One might leave Red Lulu Cocina & Tequila Bar, which was named this year's best new restaurant north of Boston by Boston Magazine, with some sense of the broad scope of Mexican cuisine, geography, and culture. That epiphany might come from the selection of 180 tequilas, which slip down in shots, release bell peals of clicking ice in glasses, or blend with lime in thick margaritas rimmed with salt. The tantalizing menu also parades traditional Mexican ingredients, though they are tangled into surprising configurations.
Red chandeliers glow, bringing to life the colors of chipotle peppers on plates at plush black booth seating, all beneath red wallpaper. In the tequila lounge, ample couches create a circle around red, candlelit tables for resting a glass of sangria or a mojito muddled with strawberries or cucumber. A row of inset shadowboxes displays the colorful lucha libre masks typically used in overblown battles and attempts to go out in public without being recognized as Kevin Bacon.
Back when Cilantro opened in 2002, Boston Magazine praised the eatery for its "authentic, hearty, and diverse Mexican specialties," which they called "breaths of fresh air." More than a decade later, owner and executive chef Esther Marin still aims to keep her lunch, dinner, and dessert menus interesting, creating new recipes that infuse Mediterranean flavors into upscale Mexican dishes. Using only all-natural ingredients, she crafts entrees that range from cheese-stuffed meatballs in chipotle sauce to pork chops crowned with chihuahua cheese and pineapples. A selection of 48 tequilas wash down meals inside a dining room wrapped in exposed brick walls that keep diner’s conversations from escaping the restaurant.
In the dark of night, the brightly lit façades of The Fat Cactus locations glow like a beacon, beckoning diners to come and sample their classic Mexican and Tex-Mex foods. The restaurants' interiors are no less eye-catching. House-specialty fazzizzles—short for sizzling fajitas—top tables in dining rooms filled with vibrant reds and yellows. Rows of hubcaps glisten on walls next to strings of lights. And hundreds of emptied tequila bottles dangle from the ceiling, testament to the popularity of the menu's dozen specialty margaritas. For extra entertainment, musicians fill ears with their tuneful crooning every night, and a room with classic arcade games lets kids play at adult tasks, such as driving a car or helping zombies file their tax returns.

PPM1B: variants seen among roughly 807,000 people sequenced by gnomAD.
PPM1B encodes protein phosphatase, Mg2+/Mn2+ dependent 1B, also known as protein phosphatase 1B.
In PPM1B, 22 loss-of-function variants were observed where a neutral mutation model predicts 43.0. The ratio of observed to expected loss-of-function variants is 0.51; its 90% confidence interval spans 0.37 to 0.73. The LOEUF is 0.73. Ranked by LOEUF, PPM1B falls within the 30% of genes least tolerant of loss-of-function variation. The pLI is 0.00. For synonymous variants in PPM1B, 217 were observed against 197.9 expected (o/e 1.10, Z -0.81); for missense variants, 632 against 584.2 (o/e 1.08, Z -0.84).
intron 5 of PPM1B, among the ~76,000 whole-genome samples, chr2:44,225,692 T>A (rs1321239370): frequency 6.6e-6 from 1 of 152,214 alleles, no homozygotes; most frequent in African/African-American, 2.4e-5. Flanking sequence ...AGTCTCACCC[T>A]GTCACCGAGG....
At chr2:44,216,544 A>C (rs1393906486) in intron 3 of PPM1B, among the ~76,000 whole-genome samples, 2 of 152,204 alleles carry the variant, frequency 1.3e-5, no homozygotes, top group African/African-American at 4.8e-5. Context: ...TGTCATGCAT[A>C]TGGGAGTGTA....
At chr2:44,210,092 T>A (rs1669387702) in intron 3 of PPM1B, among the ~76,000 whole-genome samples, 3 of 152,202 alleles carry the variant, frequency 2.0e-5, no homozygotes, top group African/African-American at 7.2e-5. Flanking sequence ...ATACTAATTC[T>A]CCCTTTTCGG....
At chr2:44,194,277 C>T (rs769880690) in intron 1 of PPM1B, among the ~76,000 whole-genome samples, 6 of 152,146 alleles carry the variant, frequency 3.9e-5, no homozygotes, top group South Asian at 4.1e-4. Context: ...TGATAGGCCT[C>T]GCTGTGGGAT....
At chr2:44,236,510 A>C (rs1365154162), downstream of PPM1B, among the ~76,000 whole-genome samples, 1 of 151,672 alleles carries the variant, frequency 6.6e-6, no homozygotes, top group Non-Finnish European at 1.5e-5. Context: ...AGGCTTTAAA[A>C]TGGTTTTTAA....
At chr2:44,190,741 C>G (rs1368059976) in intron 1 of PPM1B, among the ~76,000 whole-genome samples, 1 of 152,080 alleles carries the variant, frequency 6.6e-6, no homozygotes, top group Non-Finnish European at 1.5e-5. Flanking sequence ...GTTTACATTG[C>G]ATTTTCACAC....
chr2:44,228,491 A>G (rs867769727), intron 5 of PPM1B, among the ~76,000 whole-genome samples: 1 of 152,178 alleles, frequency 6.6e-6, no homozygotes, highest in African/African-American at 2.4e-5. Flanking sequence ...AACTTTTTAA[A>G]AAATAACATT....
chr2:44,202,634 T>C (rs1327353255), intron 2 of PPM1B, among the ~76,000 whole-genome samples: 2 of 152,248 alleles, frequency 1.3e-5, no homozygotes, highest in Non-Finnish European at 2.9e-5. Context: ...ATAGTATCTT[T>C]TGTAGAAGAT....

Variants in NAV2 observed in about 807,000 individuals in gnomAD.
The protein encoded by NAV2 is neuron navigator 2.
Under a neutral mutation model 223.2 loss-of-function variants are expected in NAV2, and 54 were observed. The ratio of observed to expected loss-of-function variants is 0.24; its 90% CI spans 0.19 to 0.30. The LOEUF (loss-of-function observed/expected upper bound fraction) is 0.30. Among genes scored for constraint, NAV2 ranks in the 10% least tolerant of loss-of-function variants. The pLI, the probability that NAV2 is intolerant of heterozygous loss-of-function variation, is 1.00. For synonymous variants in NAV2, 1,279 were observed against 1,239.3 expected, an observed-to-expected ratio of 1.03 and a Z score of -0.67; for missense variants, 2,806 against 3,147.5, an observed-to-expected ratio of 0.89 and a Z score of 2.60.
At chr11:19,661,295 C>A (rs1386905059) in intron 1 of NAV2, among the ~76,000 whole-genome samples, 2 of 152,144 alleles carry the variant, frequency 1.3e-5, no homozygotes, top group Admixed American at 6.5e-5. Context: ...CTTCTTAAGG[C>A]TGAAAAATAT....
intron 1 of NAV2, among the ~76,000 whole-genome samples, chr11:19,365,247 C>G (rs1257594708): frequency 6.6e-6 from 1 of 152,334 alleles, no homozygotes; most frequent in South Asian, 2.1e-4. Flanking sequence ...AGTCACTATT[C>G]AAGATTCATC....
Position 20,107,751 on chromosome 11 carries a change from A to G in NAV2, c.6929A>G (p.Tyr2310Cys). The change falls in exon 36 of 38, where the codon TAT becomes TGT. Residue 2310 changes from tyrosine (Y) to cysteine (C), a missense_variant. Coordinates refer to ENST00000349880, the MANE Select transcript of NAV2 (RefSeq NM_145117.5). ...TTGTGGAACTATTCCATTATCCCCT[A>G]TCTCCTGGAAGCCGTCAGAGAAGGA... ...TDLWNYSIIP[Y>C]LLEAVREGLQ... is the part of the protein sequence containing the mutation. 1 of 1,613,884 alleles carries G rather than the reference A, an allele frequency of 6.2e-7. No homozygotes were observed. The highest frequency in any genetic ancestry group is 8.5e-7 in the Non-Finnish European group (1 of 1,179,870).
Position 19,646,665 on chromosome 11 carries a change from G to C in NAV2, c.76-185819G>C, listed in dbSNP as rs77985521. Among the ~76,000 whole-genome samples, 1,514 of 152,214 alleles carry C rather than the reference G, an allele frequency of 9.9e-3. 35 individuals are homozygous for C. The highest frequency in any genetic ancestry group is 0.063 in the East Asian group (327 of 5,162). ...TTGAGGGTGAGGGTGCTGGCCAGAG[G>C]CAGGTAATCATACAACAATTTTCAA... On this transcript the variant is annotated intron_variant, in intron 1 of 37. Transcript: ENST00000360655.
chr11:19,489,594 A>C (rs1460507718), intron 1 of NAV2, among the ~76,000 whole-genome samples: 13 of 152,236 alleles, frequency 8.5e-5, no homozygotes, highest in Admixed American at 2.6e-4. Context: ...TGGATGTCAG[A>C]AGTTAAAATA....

Using old family recipes, La Siesta offers fresh, homemade Mexican comfort food. Start out with chicken nachos ($7.95) and queso fundido peppered with chorizo and poblanos ($6.50), or feed a fleet of mouth ships from a la carte items, including cheese enchiladas ($2.50 each), steak tacos ($3.50 each), and chiles rellenos ($3.50 each). Special entrees such as shrimp fajitas ($14.95) and sautéed tilapia with white wine, black olives, and other veggies ($13.95) fire up tongue ovens, while deep-fried chimichangas combine shredded chicken or ground beef with pico de gallo, rice, and beans in a blanket of cheese, ranchero sauce, and sour cream ($9.95). Knock out lunchtime stomach rumbles with the huevos rancheros burrito, a combo of scrambled eggs and peppers alongside tomatoes, beans, and cheese ($5.95), or lure sweet teeth with flan and fried ice cream (both $3.95).